Working forwards from 1911 to the present day can be very challenging indeed, so don't think that you are missing something or doing something wrong!
Success depends to a very large extent on how distinctive your relatives names were. A really unusual surname can often be traced through BMD records. Unfortunately, full middle names were replaced by initials in the indices after 1910, and this limits the "spotability" of distinctive name combinations thereafter. The inclusion in the birth index of mother's maiden name after July 1911 and the indexing of marriage partners after 1912 are some compensation.
The odds are also better if they had relatively uncommon trades or were professionals of some kind. Street directories are useful in this case, and some professional bodies (such as those for accountancy and the law) may be of help if you are lucky enough to have those sort of ancestors.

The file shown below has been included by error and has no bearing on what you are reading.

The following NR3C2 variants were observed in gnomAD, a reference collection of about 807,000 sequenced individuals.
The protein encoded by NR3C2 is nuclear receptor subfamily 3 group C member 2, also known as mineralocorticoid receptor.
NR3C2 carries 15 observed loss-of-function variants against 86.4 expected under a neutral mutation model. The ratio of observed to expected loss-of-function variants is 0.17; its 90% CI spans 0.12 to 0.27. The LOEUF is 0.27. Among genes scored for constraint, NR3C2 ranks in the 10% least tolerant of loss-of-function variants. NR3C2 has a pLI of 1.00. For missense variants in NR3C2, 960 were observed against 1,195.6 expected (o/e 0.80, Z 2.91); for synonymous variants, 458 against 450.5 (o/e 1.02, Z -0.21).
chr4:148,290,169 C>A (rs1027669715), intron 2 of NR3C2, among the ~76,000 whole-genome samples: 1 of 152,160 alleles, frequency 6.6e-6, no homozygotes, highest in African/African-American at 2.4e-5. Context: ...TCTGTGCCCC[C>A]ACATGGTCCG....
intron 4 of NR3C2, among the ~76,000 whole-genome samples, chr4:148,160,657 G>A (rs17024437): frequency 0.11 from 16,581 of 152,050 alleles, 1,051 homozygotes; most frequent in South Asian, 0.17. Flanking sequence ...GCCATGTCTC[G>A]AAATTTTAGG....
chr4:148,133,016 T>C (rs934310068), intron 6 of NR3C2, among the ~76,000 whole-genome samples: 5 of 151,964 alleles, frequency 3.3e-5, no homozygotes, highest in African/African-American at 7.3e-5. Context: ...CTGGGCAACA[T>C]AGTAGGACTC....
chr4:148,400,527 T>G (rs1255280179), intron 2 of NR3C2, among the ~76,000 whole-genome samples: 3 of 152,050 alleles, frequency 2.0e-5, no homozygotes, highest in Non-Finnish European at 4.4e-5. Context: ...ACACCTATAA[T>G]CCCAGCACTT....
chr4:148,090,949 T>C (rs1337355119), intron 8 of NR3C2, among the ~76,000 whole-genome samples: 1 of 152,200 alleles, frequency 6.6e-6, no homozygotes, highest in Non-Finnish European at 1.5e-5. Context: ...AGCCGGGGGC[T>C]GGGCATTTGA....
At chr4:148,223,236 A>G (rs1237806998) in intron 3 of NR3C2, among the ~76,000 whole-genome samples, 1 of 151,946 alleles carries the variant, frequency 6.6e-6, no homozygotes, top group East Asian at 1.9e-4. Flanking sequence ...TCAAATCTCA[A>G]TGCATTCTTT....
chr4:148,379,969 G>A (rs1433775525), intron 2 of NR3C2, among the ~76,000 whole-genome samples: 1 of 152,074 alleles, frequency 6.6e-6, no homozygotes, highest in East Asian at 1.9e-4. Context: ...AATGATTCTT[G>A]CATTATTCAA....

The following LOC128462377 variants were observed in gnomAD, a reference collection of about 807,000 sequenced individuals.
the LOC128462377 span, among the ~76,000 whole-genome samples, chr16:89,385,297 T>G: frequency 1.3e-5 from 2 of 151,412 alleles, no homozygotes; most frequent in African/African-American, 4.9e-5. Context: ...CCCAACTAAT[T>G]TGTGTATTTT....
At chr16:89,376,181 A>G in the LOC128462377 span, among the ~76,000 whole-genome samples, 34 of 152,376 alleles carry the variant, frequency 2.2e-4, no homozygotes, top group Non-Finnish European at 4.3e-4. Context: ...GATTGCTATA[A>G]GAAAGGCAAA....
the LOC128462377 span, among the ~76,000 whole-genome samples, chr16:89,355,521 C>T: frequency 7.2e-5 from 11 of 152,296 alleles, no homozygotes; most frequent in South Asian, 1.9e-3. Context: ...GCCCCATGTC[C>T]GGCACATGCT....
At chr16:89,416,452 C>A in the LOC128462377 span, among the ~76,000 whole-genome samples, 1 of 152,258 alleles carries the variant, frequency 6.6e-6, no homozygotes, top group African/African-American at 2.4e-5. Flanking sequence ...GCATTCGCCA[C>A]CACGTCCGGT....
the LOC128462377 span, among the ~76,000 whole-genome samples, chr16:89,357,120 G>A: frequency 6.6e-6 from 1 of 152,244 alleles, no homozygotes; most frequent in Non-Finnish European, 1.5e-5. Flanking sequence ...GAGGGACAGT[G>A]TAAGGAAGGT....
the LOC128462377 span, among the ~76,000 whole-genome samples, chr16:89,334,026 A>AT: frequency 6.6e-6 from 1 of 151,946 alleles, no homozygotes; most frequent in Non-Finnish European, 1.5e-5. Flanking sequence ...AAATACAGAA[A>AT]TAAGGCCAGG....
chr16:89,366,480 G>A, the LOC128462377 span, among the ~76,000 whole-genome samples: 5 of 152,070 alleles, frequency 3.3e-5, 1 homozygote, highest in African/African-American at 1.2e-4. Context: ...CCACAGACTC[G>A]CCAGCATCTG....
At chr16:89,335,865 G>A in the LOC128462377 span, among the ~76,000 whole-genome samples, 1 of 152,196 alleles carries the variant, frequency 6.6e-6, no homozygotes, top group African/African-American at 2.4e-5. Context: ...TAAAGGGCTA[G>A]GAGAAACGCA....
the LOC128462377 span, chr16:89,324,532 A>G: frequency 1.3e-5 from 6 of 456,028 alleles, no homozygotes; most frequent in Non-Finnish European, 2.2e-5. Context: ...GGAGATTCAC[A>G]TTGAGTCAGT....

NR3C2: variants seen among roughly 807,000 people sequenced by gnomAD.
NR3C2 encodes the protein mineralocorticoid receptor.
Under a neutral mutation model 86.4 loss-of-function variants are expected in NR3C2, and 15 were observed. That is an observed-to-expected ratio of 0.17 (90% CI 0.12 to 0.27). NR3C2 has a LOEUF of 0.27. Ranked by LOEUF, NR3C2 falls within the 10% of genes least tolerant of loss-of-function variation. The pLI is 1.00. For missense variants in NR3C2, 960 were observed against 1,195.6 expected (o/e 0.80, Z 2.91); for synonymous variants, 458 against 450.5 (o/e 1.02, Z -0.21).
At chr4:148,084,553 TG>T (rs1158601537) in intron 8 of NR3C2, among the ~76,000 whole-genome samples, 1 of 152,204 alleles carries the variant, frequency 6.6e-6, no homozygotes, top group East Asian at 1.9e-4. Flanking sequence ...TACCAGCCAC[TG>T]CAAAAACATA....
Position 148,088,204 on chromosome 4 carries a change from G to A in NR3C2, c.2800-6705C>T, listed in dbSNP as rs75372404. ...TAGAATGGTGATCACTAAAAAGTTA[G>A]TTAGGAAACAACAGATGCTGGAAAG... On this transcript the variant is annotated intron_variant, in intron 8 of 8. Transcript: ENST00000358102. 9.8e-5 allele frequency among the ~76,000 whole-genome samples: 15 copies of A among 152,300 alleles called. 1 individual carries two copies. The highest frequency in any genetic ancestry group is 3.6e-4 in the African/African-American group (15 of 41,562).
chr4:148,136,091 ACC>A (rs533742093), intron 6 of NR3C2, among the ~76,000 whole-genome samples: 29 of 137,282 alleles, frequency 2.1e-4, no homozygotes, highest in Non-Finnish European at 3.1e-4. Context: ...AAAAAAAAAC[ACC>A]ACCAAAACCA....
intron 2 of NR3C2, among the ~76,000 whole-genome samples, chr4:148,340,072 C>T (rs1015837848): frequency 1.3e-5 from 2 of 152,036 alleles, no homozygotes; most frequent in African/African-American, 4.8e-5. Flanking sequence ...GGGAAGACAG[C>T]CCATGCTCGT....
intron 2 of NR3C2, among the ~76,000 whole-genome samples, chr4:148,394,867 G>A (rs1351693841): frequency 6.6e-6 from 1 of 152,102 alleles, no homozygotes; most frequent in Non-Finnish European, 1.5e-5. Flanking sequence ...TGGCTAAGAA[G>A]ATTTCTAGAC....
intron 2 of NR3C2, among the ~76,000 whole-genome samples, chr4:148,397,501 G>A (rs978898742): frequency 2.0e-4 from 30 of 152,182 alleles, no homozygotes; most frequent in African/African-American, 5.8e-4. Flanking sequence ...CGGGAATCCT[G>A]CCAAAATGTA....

Their attachment to a geographical location also plays a part - families that stayed close together in a village are easier to trace than those who moved around the country and/or lived in cities.
Electoral registers are of limited value if you don't have an actual address or a very small, defined area to search.
One resource which should not be overlooked for those born around the turn of the century is First World War records. Although many service records were destroyed in the second world war, the surviving ones, as well as pension records, are available via Ancestry. These are often very detailed.
As I said before, the really crucial factor is the family name. If you have a John Smith who worked in a factory in 1911 then the chances of correctly identifying his family back down to the present day are, frankly, very slim.